Your body is covered in them. Inside and outside, bacteria are everywhere — it’s in what you eat, what you drink, it’s on everything you touch. But microbes have been around for 4 billion years — it is no wonder that our bodies are coated with them.
Bacteria, a type of microorganism, are found in almost every type of environment, according to Dr. Erica Suchman, professor in the department of microbiology, immunology, and pathology. Bacteria can survive in temperatures ranging from the icy lakes of Antarctica to the boiling hot thermal vents of Yellowstone.
“They have the ability to reproduce very rapidly, and have the ability to exchange genetic information which allows them to adapt very quickly,” Suchman said.
Fortunately, scientists and health professionals are teaming up to understand the complex bacterial ecosystem to reduce illness.
“In reality, the vast majority of interactions we have with bacteria are beneficial to us,” Suchman said. “We’re just learning medically how to manipulate some of these relationships to improve human health — we’re learning how to live widely with bacteria instead of just considering them as adversaries.”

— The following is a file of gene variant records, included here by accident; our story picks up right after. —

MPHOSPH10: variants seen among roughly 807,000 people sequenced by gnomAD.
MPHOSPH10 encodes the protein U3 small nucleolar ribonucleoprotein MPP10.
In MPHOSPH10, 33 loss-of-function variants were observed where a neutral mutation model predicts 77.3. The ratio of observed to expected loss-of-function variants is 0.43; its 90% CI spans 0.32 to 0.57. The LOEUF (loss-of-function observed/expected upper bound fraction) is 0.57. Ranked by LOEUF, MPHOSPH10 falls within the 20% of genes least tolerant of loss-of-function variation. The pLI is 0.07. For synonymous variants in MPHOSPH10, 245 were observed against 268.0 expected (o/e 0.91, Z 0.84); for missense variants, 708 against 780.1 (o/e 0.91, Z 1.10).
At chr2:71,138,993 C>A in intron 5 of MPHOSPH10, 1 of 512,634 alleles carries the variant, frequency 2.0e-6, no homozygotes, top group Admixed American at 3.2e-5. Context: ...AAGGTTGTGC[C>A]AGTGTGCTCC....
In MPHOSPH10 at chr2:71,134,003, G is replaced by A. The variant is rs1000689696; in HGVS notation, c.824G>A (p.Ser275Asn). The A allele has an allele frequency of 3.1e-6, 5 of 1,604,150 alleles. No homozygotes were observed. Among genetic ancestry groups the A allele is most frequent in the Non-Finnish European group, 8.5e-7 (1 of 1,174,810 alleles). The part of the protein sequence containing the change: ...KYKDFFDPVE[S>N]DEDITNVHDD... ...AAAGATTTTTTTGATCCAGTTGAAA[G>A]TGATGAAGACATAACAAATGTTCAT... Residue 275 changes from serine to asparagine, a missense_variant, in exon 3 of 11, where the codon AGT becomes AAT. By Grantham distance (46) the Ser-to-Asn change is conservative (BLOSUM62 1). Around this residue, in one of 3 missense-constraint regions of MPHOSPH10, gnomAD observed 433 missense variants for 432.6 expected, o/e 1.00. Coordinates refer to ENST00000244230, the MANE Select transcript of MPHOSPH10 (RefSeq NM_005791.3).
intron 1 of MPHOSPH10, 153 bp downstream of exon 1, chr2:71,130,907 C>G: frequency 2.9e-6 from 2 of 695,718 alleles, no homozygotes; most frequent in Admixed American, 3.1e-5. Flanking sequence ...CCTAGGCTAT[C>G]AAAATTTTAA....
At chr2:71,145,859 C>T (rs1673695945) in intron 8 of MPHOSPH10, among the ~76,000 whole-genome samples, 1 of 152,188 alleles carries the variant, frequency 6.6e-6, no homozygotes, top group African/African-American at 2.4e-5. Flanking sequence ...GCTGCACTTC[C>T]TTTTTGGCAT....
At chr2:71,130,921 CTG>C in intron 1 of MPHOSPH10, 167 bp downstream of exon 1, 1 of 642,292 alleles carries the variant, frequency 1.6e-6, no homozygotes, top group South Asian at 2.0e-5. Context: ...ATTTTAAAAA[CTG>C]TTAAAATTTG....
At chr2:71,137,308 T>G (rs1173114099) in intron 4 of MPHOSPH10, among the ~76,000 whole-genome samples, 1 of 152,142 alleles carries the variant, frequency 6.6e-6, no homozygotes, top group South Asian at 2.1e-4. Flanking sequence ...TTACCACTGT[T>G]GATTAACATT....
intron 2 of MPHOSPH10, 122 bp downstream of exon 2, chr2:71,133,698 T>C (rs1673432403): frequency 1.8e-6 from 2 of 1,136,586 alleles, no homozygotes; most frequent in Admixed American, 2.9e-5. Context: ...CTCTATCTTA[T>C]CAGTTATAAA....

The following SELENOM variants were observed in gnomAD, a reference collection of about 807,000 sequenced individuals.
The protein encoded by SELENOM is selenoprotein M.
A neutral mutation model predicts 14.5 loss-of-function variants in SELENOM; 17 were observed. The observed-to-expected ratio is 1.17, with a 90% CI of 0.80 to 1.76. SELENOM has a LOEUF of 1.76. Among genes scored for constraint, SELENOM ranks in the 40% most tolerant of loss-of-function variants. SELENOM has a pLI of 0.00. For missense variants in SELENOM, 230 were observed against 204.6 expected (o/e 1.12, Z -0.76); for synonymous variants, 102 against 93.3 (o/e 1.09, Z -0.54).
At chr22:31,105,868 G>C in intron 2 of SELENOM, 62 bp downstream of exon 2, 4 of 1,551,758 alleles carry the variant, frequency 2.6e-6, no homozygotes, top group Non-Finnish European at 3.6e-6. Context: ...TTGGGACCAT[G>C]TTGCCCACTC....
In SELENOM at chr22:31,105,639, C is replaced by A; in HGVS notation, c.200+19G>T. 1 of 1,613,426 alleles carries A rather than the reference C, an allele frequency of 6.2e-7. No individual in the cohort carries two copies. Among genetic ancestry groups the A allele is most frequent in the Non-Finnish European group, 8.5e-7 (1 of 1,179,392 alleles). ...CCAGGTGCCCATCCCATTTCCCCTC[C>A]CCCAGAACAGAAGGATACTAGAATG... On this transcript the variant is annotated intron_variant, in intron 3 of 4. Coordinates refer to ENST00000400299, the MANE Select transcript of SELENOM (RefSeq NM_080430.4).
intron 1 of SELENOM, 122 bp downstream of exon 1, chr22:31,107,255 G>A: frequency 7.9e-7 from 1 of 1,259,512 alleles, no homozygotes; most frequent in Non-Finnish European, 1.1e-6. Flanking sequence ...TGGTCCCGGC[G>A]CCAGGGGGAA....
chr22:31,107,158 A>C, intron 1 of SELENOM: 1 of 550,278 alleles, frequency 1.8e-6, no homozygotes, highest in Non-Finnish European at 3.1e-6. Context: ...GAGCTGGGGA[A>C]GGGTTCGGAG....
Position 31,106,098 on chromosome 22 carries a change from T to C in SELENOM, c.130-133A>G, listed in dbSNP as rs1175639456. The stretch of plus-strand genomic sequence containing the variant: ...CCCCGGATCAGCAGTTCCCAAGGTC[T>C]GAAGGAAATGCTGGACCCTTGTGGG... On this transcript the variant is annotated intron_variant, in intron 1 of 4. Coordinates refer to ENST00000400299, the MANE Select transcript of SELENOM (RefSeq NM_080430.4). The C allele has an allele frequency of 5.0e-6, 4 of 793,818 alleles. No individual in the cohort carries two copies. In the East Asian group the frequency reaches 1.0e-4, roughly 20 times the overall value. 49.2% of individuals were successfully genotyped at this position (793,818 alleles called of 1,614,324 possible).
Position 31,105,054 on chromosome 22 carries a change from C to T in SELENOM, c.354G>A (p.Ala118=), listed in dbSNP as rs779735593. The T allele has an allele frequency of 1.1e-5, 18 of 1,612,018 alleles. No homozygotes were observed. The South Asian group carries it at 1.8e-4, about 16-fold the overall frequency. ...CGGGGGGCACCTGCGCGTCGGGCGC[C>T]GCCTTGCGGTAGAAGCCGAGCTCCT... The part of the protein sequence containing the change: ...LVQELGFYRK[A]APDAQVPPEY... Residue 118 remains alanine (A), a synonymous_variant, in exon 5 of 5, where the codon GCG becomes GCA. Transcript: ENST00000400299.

Bacteria that are bad for you, called pathogens, are not the only things being harmed by the use of antibiotics and antimicrobial soaps. According to Suchman, using things like antibacterial soaps are actually harmful to good bacteria, too.
“Don’t use antibiotics when you don’t need to. Just wash your hands to get the pathogens off. If you get rid of the normal flora, you can get sick because there will be less competition for pathogens,” Suchman said.
If we continue to flush our system with antibiotics and antibacterial soap, there may not be enough good bacteria to keep away the bad bacteria.
“The bacteria on our skin, you can think of them as a protective barrier for pathogens,” according to Dr. Mary Stromberger, associate professor of soil microbiology, in the department of soil and crop sciences. “Getting dirty is actually a good thing.”
Humans could not live without bacteria and other microorganisms. They create our environment and keep us healthy.
“Over 90% of the cells in or on our body are bacterial cells,” Stromberger said.
“We evolved into a microbial world,” said Dr. Matthew Wallenstein, assistant professor in ecosystem science and sustainability. “You’d be hard pressed to find the smallest patch on earth that isn’t coated with bacteria, even in the harshest environments.”
According to Wallenstein, promoting biodiversity may be the best way we have to ensure that beneficial microbial communities are present, when you have ecosystems that are diverse communities it increases the chances of having microbes that can fight off the pathogens.
“We’ve always been dealing with microbes for good and bad, so they’re a natural part of our health,” Wallenstein said. “Then we start in recent years using antibacterial soaps and trying to sterilize our environment and in a lot of ways that kind of backfired.”
Collegian Science Beat Reporter Remi Boudreau can be reached at firstname.lastname@example.org.